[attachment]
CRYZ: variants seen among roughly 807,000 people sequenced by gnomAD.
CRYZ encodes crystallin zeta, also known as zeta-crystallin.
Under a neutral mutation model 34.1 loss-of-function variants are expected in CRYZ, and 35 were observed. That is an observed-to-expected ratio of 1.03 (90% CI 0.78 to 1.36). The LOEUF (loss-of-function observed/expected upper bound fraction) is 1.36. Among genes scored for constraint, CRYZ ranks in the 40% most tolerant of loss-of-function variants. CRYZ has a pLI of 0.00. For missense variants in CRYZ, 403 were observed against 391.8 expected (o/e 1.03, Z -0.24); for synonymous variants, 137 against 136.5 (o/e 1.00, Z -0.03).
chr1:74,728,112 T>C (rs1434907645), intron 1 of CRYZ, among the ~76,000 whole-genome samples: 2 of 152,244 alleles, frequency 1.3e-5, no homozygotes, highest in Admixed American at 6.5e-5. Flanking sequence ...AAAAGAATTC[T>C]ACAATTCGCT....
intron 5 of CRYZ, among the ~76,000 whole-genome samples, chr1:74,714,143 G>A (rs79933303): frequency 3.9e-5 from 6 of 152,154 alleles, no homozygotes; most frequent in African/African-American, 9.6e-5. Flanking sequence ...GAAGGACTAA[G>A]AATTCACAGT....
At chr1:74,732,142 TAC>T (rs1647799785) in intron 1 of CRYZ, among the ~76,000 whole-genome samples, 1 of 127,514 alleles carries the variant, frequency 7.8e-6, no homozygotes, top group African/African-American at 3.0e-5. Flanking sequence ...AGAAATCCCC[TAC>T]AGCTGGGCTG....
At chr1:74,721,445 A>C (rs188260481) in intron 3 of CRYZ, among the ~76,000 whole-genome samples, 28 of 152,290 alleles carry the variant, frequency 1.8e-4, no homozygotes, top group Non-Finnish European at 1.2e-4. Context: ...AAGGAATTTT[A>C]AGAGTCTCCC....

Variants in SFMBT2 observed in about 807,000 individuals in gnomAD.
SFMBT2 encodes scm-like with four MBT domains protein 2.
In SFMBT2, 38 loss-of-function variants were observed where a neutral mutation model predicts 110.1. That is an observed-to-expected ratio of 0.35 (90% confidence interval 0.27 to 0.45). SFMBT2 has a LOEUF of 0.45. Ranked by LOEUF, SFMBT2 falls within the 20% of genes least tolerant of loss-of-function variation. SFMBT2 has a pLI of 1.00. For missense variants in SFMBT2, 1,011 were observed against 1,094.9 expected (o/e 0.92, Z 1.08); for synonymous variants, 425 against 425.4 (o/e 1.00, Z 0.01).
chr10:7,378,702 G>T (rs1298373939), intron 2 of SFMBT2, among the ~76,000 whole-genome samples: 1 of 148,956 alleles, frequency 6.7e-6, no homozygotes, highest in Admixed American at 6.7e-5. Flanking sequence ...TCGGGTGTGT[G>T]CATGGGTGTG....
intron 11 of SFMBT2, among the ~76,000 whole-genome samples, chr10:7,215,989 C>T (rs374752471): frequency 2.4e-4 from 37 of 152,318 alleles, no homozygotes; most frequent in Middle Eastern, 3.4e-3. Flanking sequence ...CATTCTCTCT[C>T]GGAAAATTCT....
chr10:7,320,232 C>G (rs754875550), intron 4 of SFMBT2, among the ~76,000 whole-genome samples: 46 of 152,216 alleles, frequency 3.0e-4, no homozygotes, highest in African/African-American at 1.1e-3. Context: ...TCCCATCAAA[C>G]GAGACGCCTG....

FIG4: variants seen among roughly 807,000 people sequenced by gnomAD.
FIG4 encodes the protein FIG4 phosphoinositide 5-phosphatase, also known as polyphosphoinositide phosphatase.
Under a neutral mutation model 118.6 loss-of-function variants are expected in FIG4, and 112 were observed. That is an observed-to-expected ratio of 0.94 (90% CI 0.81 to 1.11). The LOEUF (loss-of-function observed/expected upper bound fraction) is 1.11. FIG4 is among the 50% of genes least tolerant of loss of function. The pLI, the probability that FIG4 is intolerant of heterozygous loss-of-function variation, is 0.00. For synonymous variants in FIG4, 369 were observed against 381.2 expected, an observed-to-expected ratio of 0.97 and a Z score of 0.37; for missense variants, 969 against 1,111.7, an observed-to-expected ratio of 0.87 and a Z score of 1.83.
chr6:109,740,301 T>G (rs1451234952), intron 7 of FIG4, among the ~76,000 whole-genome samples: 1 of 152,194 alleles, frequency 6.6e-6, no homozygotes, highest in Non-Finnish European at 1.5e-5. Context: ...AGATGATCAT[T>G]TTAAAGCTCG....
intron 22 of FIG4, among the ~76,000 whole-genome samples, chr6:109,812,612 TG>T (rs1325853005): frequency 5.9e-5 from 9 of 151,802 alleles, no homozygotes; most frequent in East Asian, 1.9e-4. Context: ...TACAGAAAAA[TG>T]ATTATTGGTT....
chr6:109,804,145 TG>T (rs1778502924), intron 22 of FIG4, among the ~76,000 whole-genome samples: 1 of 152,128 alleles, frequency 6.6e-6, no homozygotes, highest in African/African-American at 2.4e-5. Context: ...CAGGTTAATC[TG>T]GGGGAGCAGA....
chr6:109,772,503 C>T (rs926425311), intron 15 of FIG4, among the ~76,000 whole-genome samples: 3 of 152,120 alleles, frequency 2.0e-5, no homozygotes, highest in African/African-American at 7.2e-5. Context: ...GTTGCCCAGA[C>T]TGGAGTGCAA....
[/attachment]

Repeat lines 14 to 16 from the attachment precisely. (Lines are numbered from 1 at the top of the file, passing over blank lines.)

FIG4: variants seen among roughly 807,000 people sequenced by gnomAD.
FIG4 encodes the protein FIG4 phosphoinositide 5-phosphatase, also known as polyphosphoinositide phosphatase.
Under a neutral mutation model 118.6 loss-of-function variants are expected in FIG4, and 112 were observed. That is an observed-to-expected ratio of 0.94 (90% CI 0.81 to 1.11). The LOEUF (loss-of-function observed/expected upper bound fraction) is 1.11. FIG4 is among the 50% of genes least tolerant of loss of function. The pLI, the probability that FIG4 is intolerant of heterozygous loss-of-function variation, is 0.00. For synonymous variants in FIG4, 369 were observed against 381.2 expected, an observed-to-expected ratio of 0.97 and a Z score of 0.37; for missense variants, 969 against 1,111.7, an observed-to-expected ratio of 0.87 and a Z score of 1.83.